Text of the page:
In order to ensure proper centering of the valve, which is essential to ensure dripless closure and smooth, repeatable product flow from dose-to-dose, diaphragm taps can be fitted with a valve guide. The valve guide centrally positions the shaft that communicates between the diaphragm and the valve element in the tubular body. The valve guide is typically affixed to the internal walls of the tubular body by means of substantially horizontal support ribs, said ribs fixedly positioning the valve guide substantially concentrically with the midline axis of the tubular body. The valve guide comprises a throughhole through which the shaft slidingly passes as the valve is opened and closed by the respective application and release of pressure on the diaphragm.
Commercial experience with the delivery of conventional (1×) liquid laundry detergents using diaphragm taps that comprise valve guides has been excellent. As noted above, however, it has now been discovered that the flow rate of concentrated (2×) liquid detergents through such taps is too slow for some consumers. This is because the diaphragm tap is gravity-fed. Accordingly, as the product container empties with successive uses and the hydrostatic pressure decreases correspondingly, the flow rate is reduced.
Having discovered the flow rate problem with diaphragm taps used to deliver viscous liquids, it has now also been discovered that a more consumer acceptable flow rate for (2×) products can be achieved by modifying the tap in the manner disclosed herein. Surprisingly, the tap modified according to at least a preferred embodiment of the invention also provides consumer-acceptable flow rates across a range of viscosities, and even for conventional (1×) liquid products. This is a considerable commercial advantage, since the manufacturer of such products, e.g., liquid fabric enhancers such as detergents and softeners, can use the same tap interchangeably with both (1×) and (2×) liquid products.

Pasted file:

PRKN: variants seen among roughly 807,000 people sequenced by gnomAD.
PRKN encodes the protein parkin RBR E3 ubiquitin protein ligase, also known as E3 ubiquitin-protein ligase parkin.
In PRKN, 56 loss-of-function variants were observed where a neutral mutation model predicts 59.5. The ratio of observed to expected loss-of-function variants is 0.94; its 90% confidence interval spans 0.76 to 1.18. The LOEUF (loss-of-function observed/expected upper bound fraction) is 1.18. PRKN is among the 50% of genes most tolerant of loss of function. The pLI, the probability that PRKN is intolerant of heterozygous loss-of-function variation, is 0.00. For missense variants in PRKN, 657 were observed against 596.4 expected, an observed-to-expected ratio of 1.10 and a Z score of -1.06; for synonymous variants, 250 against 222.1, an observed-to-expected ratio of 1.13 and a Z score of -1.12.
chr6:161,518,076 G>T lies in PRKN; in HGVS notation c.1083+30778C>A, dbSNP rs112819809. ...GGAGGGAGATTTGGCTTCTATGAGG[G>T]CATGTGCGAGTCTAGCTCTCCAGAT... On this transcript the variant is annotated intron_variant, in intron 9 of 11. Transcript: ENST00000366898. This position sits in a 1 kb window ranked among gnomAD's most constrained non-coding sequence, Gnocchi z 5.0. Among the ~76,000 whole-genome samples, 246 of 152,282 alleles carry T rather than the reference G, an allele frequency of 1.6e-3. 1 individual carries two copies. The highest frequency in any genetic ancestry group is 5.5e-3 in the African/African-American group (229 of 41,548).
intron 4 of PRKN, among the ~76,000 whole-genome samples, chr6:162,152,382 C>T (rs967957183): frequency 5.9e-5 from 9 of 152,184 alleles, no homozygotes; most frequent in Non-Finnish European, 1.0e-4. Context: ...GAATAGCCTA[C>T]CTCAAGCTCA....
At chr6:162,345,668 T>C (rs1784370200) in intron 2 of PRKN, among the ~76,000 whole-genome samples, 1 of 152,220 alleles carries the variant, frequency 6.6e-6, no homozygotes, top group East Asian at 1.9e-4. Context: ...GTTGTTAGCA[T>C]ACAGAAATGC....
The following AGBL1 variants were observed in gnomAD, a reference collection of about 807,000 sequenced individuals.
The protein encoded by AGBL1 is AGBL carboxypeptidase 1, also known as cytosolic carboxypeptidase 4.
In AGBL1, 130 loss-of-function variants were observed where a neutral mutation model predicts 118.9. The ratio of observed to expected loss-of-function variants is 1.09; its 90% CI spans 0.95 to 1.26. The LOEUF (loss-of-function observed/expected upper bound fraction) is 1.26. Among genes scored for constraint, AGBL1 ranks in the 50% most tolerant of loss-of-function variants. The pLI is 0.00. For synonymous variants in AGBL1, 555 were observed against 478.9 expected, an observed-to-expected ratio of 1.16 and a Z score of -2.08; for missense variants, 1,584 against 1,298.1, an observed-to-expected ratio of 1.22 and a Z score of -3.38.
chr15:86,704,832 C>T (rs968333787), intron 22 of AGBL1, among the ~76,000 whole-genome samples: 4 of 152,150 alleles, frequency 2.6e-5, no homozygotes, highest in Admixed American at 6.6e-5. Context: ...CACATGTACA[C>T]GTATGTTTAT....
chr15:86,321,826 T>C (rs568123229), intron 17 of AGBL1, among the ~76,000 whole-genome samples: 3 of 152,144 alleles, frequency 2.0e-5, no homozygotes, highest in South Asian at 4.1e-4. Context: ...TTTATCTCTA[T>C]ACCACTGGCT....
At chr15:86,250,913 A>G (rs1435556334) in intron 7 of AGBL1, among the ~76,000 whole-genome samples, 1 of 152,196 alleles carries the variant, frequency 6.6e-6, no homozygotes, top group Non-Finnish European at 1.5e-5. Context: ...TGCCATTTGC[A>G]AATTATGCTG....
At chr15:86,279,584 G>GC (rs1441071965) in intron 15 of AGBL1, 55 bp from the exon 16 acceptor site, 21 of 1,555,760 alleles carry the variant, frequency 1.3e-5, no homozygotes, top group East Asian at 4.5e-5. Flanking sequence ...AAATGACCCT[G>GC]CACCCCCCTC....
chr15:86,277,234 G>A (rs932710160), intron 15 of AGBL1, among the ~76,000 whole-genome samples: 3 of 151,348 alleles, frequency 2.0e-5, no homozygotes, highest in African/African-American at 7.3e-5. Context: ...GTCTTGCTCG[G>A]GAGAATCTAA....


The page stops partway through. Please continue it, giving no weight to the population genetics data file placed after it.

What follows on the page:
In one aspect, the present invention comprises a discharge device comprising a body 100 having a hollow interior 200, said body comprising a liquid inlet portion; a liquid outlet portion comprising a first end and a second end, wherein said first end comprises a button, wherein said liquid outlet has an orifice comprising an orifice surface area comprising a stem and valve system comprising a rib and a valve guide comprising a valve system surface area wherein said stem passes through said valve guide, and wherein,
said valve system surface area and said orifice surface area have a ratio of less than about 35%, preferably less than about 30%, or 20% or even 10%.